Thursday, September 22, 2005

The Supreme Court: Our Last, Best Hope for a Semblance of Liberty

In the second postscript to this post I reaffirm my conviction that government "could not have done as well as private citizens and business owners, had they been allowed to keep their tax dollars and use them to prepare for and recover from Katrina." I then list several related posts. All of which, if read by anyone from Center to Left, would draw a retort along these lines: "How is a bunch of individuals going to deal with something as massive as a natural disaster. Only government can do things like that, and do them efficiently." Or "There are just some things that people can't be trusted to do for themselves."

It's precisely that kind of thinking which has brought us to where we are today: in the grip of the regulatory-welfare state, which has made us immensely less prosperous than we could be. Free-market capitalism, which is how individuals cooperatively make wise and fruitful decisions -- when they are allowed to do so -- has been brought to heel by legislators, executives, judges, and regulators.

A central rationale for the regulatory-welfare state, of course, is the notion that government should do things people can't be "trusted" to do for themselves. There is the paternalistic assumption that someone else knows better than you how you should run your life. Paternalists are blind to the opportunity cost of paternalism, which is that when someone else makes your decisions for you, you are less able and less likely to make good decisions for yourself.

The paternalistic assumption, in other words, becomes a self-fulfilling prophecy. When government makes certain decisions for you (e.g., by providing "free" education and a sort of retirement program) and then charges you for the privilege, you are in a double bind. You are herded toward or forced into certain government programs, which may fall far short of meeting your needs. But because of the taxes and fees you pay to support those government programs, you are left with less money. Thus you may be unable to afford the better alternatives provided by markets -- where markets are allowed to provide alternatives, at all.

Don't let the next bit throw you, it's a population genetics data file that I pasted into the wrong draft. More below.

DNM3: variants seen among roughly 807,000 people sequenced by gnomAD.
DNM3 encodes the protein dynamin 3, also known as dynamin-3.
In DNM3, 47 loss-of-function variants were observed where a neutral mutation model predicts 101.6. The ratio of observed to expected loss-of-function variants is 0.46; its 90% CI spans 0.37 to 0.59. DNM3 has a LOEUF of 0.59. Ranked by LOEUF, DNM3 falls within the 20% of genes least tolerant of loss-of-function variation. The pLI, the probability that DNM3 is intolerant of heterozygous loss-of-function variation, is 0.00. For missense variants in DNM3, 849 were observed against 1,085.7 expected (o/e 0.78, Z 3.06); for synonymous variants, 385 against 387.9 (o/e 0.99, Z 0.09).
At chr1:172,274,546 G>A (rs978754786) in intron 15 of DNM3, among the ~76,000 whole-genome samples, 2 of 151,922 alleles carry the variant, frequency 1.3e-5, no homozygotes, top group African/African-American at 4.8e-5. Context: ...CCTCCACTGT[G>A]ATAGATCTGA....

Paternalism on the part of the central government supposedly is curbed by the enumeration of Congress's powers in the U.S. Constitution, which enumeration has long since become an irrelevancy. In any event, when it comes to paternalism, State and local governments are always ready to pick up any slack left by the central government. The end of Lochner-era substantive due process (defended quite nicely, here) effectively unshackled State and local governments, which can now justify almost anything as a "compelling governmental interest." And, if they can't, the U.S. Supreme Court can continue to manufacture other excuses for paternalism, as majorities of its members did this year in Raich and Kelo.

So, where does it all end? Unless the U.S. Supreme Court is turned around fairly quickly, I think it ends in the continued expansion of state control of what should be private conduct; for example:
  • Laws against certain "hateful" forms of expression.
  • Detailed regulation of Internet content, under the rubric of McCain-Feingold and the Commerce Clause.
  • More and more bans on the use of tobacco in so-called public places, and even in private clubs and homes.
  • Further reliance on regulation rather than property rights and free markets to control products and activities that might affect the environment.
  • Further interference with the actions of institutions that are private and voluntary (e.g., a holding that the Catholic Church's impending ban on the ordination of gay priests violates "equal protection").
  • More government interventions that undermine the shreds of our barely civil and self-regulating society (e.g., approval of involuntary euthanasia, requiring employers to put "partners" on a par with heterosexual spouses).
  • The creation of ever more massive bureaucracies to deal with "problems" that the central government (at least) shouldn't be involved in (e.g., the creation of a "disaster czar").
I could pile it on, as could many of you. But the drift is obvious. God save the U.S. Supreme Court, for it may be our last line of defense against total statism.